Rationalism is a philosophical breed imbued with certain distinctive characters. In it, an explanation is conceived in such a way that the explanation must create a logical inference to that which is explained. Empiricism, on the other hand, has no such inference to offer. If one kind of event is regularly and invariably followed by another kind, empiricism accepts the first kind of event as explaining the second kind. (Kwame Nkrumah, Consciencism)
Please don’t make any mistake; the Article 204 as written above does not have anything to do with our Constitution or any legislation of whatever character in our modern day of democratic governance. Nana Kwame Ampadu, the legend of highlife music, the man with over 700 songs to his credit, once told a story of a law fashioned by the Animal Kingdom to ensure their ‘human rights’. In the said Article 204, the Animal Kingdom had agreed that no animal should kill another animal for the purposes of feeding itself.
Obviously, the lions and the tigers were not impressed but they had to sign to accept the new law. With this law in force, some small animals thought they could make a mockery of the tiger as it grieved over its plight. The bat, taking undue advantage of the law, decides to use the open buccal cavity of the tiger as its playing ground. During one of such acts of the bat, the tiger shut its mouth and the bat got locked up inside it.
It was interpreted to mean that the tiger had breached the Article 204 and for which reason it was brought before a court to answer questions. Obviously, the tiger engaged a counsel who defended it on the grounds that it was the bat which provoked the tiger by using its buccal cavity as a playing ground. The court in the Animal Kingdom discharged and acquitted it.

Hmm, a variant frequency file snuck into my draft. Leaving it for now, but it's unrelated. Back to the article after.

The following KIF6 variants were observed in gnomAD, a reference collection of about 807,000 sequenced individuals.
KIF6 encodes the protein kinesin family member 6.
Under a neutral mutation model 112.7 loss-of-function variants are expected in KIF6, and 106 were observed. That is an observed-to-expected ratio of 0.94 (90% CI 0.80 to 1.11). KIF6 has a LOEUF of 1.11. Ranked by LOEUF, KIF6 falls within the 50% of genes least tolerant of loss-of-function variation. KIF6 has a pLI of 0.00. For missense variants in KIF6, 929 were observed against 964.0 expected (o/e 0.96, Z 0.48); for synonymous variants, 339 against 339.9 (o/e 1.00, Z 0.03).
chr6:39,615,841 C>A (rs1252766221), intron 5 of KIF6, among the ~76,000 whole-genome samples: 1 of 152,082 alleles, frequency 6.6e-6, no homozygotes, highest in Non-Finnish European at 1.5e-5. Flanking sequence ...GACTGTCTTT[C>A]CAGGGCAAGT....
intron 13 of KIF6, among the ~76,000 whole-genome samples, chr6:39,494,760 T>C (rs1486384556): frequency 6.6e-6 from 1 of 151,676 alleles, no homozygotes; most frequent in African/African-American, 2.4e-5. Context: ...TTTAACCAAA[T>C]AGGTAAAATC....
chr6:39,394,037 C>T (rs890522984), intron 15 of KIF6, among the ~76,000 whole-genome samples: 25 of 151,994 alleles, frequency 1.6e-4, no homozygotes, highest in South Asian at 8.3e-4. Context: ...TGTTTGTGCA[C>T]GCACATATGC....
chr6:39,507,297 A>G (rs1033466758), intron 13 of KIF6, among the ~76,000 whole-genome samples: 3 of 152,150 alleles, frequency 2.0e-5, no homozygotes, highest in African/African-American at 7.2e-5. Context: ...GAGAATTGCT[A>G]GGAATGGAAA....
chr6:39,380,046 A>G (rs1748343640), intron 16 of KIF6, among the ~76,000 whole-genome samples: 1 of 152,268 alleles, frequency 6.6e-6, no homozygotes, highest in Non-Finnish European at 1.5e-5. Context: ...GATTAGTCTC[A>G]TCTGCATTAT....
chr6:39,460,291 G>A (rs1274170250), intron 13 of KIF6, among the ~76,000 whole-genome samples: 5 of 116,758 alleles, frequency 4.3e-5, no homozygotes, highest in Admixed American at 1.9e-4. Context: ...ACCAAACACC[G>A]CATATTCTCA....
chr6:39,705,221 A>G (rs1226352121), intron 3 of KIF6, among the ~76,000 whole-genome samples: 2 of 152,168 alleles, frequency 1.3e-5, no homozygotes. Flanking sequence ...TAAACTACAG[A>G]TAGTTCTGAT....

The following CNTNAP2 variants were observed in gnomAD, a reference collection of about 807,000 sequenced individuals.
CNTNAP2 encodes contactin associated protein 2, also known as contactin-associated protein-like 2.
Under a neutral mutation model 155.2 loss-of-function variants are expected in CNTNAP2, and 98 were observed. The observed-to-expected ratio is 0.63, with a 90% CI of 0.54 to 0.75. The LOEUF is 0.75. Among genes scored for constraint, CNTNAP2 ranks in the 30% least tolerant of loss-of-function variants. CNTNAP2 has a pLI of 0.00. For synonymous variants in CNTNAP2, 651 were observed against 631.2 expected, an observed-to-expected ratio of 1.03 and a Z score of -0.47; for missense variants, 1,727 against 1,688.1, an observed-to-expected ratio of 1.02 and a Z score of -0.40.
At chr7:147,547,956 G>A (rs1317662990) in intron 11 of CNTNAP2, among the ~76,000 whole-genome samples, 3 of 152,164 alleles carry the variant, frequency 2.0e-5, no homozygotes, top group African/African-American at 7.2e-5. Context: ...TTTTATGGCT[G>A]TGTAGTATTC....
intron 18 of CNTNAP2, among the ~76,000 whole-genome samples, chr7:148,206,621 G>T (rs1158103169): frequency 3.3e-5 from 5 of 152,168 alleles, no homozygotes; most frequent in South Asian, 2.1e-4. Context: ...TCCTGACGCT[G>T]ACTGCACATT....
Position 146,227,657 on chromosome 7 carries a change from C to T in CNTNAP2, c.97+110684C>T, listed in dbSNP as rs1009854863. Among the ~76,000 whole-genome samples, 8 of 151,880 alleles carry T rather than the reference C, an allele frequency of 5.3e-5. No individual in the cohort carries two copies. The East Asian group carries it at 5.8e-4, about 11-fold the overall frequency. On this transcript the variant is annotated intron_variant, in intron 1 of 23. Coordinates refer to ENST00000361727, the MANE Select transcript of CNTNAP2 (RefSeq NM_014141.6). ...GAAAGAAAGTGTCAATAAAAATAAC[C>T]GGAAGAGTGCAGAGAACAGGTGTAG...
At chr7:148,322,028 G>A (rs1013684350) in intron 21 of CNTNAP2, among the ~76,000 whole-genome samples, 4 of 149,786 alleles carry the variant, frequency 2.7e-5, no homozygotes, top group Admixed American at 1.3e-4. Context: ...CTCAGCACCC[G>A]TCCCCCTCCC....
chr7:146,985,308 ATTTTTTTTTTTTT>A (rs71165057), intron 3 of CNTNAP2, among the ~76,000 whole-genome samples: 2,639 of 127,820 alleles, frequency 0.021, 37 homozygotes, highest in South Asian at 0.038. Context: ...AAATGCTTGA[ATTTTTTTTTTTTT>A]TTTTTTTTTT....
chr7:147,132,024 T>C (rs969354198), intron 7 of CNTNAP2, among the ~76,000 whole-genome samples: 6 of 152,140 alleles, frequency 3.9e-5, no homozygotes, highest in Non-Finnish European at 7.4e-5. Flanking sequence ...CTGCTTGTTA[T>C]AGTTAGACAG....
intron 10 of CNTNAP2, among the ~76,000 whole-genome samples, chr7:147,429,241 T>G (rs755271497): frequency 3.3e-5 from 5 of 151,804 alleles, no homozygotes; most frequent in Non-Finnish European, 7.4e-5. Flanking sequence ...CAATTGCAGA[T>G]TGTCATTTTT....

The import of this story by Nana Ampadu is the fact that laws may be fashioned to protect all of us but if on the basis of laws that are deemed to protect us, we misconduct ourselves, we have no moral grounds to seek protection under the law. The issue of the three commissioners of the Electoral Commission (EC) will rage on for so long as Ghanaians remain divided on what has happened. There are those who are preparing themselves to go to the courts to challenge what has happened.
Strangely, there are still an organized group ready to take to the streets to demonstrate against the dismissal of the three commissioners of the EC in the persons of Mrs. Charlotte Osei, the Chairperson, Mr. Amadu Sulley, and Mrs. Georgina Opoku Amankwaah, based on the Constitution of the Fourth Republic. I am not a lawyer; the laws I am very conversant with were those I was thought at the School of Journalism relating to defamation and other related matters. Then at the graduate level, I learnt some portions of laws in relation to subject areas in development.
However, in modern times, laws are not written in the Elizabethan language and that makes it much easier for lay men like me to understand and appreciate the positions of the law unless the courts prove me wrong. Sometimes when I listen to some of the critics of the process and the outcome of the Chief Justice’s Committee and the decision taken by the President, Nana Addo Danquah Akufo-Addo, I ask myself whether those people have resided in this country all this while, particularly ever since Mrs. Charlotte Osei was appointed the Chairperson of the EC.
Since the Fourth Republic, not once in the history of the EC had there been many controversies surrounding the Commission as a body and its Chairperson as an individual than we experienced under the outgone Chairperson of the EC. Some of these controversies were discussed in the open democratic space with the expectation that reason would prevail for the Commission to address same.
In a lot of instances, the Chairperson had shown the way to the courts to those who felt that some wrongs had been committed. Indeed, a few individuals went to court and had orders from the courts directing the EC to correct certain obvious wrongs. Some of the issues nearly had a negative effect on the 2016 general elections because of the timing. These were the issues known to us as Ghanaians.